A Japanese puzzle-based horror adventure, The Witch’s House is an absolute necessity for those who might have gotten their hands on a translated version of the Clock Tower SNES title, never released in the United States. It seems that our friends across the pond benefited from this and several other titles that more than likely also didn’t make it over here, as this interest spawned an unholy birth of frightening adventure games created in an engine used for creating role-playing games of all things. Though the graphics might appear cute and cuddly, this game sure as hell isn’t. We start out with Viola, a thirteen-year old lone girl in the forest, not knowing how she got there or why a thick patch of roses impedes her from escaping this dense foliage. Only a lone black cat (which acts as save point) is her only bastion, yet a super-secret can be divulged if she never uses this black cat as a save point throughout her adventure. There’s a small note on the ground, but it doesn’t really say much as it’s more or less a father’s warning to “stay out of the woods, because there’s a witch who likes to eat children.” Alright, we get the Hansel & Gretel reference, but once again – a fairytale this is not.
As we finally get to the house, we see that it looks kind of like a house we might see in a role-playing game, perhaps some harmless civilian household in passing town. However, one can’t shake the feeling that something about this house is very wrong. And that’s when it’s a good time to shut the lights off. Seriously, I recommend that you turn off the lights and plug in the headphones while you play this game. But don’t even touch it at all if you’re faint of heart. Things… happen, so to speak. The inside of the house seems very inviting, despite the fact that there’s a closet which supposedly opens only “when the house returns to normal.” But it certainly looks normal enough, right? There’s a large room up ahead with a note plastered to the wall. Maybe some red paint on the floor from when someone was redecorating, right?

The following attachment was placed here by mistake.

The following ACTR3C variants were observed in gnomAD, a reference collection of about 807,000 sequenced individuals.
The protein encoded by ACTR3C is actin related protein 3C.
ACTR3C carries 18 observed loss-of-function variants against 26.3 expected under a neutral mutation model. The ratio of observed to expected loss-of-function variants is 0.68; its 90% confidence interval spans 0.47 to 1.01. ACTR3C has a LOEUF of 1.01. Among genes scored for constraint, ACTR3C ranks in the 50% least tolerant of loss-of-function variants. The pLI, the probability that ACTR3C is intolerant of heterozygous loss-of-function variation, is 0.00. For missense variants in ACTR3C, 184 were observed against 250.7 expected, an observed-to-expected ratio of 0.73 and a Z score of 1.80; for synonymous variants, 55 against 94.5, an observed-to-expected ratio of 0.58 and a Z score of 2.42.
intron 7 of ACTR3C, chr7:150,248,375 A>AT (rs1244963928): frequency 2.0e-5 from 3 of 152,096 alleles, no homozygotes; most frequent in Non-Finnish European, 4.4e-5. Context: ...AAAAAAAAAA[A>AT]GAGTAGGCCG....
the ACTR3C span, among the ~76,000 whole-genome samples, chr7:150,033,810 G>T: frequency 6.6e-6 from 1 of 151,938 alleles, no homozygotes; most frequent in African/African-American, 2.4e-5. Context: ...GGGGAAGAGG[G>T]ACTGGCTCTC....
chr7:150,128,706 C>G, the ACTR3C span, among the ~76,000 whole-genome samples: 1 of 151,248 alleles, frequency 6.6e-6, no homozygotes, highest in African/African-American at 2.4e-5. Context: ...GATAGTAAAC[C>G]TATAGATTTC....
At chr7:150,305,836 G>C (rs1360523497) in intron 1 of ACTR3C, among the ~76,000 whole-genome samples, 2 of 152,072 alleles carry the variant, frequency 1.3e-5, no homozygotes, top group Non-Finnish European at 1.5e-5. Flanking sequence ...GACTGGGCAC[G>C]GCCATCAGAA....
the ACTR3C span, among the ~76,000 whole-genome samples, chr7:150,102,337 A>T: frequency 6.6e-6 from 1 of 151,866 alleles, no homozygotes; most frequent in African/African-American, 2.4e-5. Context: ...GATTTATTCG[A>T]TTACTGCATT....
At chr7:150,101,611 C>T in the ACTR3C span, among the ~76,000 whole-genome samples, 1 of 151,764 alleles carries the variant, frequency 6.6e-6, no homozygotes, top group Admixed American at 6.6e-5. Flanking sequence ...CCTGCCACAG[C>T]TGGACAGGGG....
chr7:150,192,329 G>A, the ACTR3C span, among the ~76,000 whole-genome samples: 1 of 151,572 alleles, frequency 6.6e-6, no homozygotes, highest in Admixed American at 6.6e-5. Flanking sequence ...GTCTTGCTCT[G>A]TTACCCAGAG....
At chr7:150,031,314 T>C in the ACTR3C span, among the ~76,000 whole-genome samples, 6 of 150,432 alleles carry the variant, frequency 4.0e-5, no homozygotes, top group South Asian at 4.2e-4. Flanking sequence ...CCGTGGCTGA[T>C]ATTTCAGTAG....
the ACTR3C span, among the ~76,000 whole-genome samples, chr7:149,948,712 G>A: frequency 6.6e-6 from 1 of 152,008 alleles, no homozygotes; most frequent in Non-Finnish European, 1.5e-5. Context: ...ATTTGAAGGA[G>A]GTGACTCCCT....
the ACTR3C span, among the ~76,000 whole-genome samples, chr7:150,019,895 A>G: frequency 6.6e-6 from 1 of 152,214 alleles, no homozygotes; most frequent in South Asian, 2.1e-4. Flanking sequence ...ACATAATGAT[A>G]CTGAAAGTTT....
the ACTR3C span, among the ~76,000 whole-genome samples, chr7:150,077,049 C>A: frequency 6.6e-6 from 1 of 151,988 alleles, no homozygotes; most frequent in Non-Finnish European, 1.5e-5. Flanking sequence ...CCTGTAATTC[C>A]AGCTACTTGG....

Maybe it’s not such a good idea to just go right into the center of that room for the note, eh? The walls have eyes and what they don’t like, they CRUSH. Time to face facts, missy. This house doesn’t like you. Everything in this house is out to get you. Trust nothing and keep on your toes at all times. This is the true experience of a haunted house. Did I mention that you can’t escape? Yep. You CAN leave the house. You CAN leave it as many times as you want. But unless you want to be sliced up like Swiss, I wouldn’t even attempt to cross those thorns. So you’re stuck in this nightmare and it’s only going to get worse. So just after you make it through the pancake room, (our special today is meat pancakes) the next puzzle is a bit trickier (and far more frightening.) The lone black cat just sits there, with two doors leading to the right or to the left, with the exit to the bottom. Ya know, just in case little Viola wants a smoke break. At any rate, in one room you’ll notice a pair of scissors (they’re stuck to the table, so you can’t play scissorwoman through the rest of this) a wooden cabinet and a locked door. (Why are all the doors always locked in these damn games?) Since there’s nothing to do here, you’ll have to go to the next room, where behind you is a large clock and a small room with some presents on the floor. Presents? No, it’s not your birthday. But you’ll need to grab the Teddy Bear from one of them as soon as you read what kind of fucked up little psycho lives here in the diary on the desk. So now that you’ve got the bear, you’ll now want to enter that bottom room where you’ll find a basket and a note. There’s also a closet here (which becomes incredibly important near the end of the game) but don’t pay any attention to it for now. A sign in the room reads “BEARS IN THE BASKET.” But there’s only one large Teddy Bear on the basket and bears of course means to add another one. The one you’ve got, right? Well, wrong. That bear just doesn’t fit so you’ll have to make it fit. Head over to the next room, use the scissors on the bear and you’ll notice that it was made of living flesh. Eww. And that’s when bloody bear paws start appearing all over the house. Something is watching you now and it’s very upset at what you’ve just done. But you go into the room anyway and find that the bear now fits in the basket, as a once locked door now swings open. But who opened it I wonder? Well, when you go into the next room, a mad, stomping nightmare-haunting giant murderous Teddy Bear comes out and chases you. Yes, I said chases you. As you will be chased by several things throughout the game, including the final confrontation with the witch herself. Now, you can just re-enter the previous room and it’ll go away. But if you can believe it, (it doesn’t even seem theoretically possible) that Teddy Bear will stomp your body to a bloody pulp in just one hit. It happens so fat that you won’t even notice it. How a plush Teddy Bear can do such a thing is beyond me, but perhaps it’s also made of flesh, which would also make sense. (Believe me; I’ve been pondering over this for days now.) And then when you finally go through the door, there’s a large banquet table and…